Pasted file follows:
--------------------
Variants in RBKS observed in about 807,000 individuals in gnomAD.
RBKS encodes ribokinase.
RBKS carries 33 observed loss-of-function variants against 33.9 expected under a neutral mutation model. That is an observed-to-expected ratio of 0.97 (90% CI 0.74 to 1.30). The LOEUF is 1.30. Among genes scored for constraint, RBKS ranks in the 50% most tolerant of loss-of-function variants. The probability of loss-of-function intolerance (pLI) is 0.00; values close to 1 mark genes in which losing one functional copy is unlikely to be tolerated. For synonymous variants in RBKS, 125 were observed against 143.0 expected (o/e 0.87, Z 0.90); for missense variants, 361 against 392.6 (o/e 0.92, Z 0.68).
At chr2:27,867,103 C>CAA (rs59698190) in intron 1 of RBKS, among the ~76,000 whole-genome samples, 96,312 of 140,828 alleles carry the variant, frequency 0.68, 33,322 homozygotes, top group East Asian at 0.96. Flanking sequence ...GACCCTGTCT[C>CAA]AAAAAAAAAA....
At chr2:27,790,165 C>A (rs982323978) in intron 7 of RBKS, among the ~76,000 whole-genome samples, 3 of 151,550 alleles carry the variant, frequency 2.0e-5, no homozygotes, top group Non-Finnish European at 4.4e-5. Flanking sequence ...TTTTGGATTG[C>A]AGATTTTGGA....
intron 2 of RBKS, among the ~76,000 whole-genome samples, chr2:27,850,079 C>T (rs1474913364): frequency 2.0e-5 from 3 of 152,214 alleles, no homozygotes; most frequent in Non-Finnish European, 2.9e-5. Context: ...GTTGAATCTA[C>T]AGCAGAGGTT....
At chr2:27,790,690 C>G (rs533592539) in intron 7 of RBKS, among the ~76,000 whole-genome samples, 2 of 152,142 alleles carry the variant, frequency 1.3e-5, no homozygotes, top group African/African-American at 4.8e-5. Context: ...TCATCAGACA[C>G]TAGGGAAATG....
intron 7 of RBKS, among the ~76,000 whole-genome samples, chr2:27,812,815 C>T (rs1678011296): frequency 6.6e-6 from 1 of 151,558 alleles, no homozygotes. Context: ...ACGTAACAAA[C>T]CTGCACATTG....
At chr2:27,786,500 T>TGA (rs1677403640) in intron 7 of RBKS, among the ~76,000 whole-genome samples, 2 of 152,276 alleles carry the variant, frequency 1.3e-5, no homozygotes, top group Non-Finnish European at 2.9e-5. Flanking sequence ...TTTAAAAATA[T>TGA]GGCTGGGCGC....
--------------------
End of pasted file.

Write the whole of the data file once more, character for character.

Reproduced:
Variants in RBKS observed in about 807,000 individuals in gnomAD.
RBKS encodes ribokinase.
RBKS carries 33 observed loss-of-function variants against 33.9 expected under a neutral mutation model. That is an observed-to-expected ratio of 0.97 (90% CI 0.74 to 1.30). The LOEUF is 1.30. Among genes scored for constraint, RBKS ranks in the 50% most tolerant of loss-of-function variants. The probability of loss-of-function intolerance (pLI) is 0.00; values close to 1 mark genes in which losing one functional copy is unlikely to be tolerated. For synonymous variants in RBKS, 125 were observed against 143.0 expected (o/e 0.87, Z 0.90); for missense variants, 361 against 392.6 (o/e 0.92, Z 0.68).
At chr2:27,867,103 C>CAA (rs59698190) in intron 1 of RBKS, among the ~76,000 whole-genome samples, 96,312 of 140,828 alleles carry the variant, frequency 0.68, 33,322 homozygotes, top group East Asian at 0.96. Flanking sequence ...GACCCTGTCT[C>CAA]AAAAAAAAAA....
At chr2:27,790,165 C>A (rs982323978) in intron 7 of RBKS, among the ~76,000 whole-genome samples, 3 of 151,550 alleles carry the variant, frequency 2.0e-5, no homozygotes, top group Non-Finnish European at 4.4e-5. Flanking sequence ...TTTTGGATTG[C>A]AGATTTTGGA....
intron 2 of RBKS, among the ~76,000 whole-genome samples, chr2:27,850,079 C>T (rs1474913364): frequency 2.0e-5 from 3 of 152,214 alleles, no homozygotes; most frequent in Non-Finnish European, 2.9e-5. Context: ...GTTGAATCTA[C>T]AGCAGAGGTT....
At chr2:27,790,690 C>G (rs533592539) in intron 7 of RBKS, among the ~76,000 whole-genome samples, 2 of 152,142 alleles carry the variant, frequency 1.3e-5, no homozygotes, top group African/African-American at 4.8e-5. Context: ...TCATCAGACA[C>G]TAGGGAAATG....
intron 7 of RBKS, among the ~76,000 whole-genome samples, chr2:27,812,815 C>T (rs1678011296): frequency 6.6e-6 from 1 of 151,558 alleles, no homozygotes. Context: ...ACGTAACAAA[C>T]CTGCACATTG....
At chr2:27,786,500 T>TGA (rs1677403640) in intron 7 of RBKS, among the ~76,000 whole-genome samples, 2 of 152,276 alleles carry the variant, frequency 1.3e-5, no homozygotes, top group Non-Finnish European at 2.9e-5. Flanking sequence ...TTTAAAAATA[T>TGA]GGCTGGGCGC....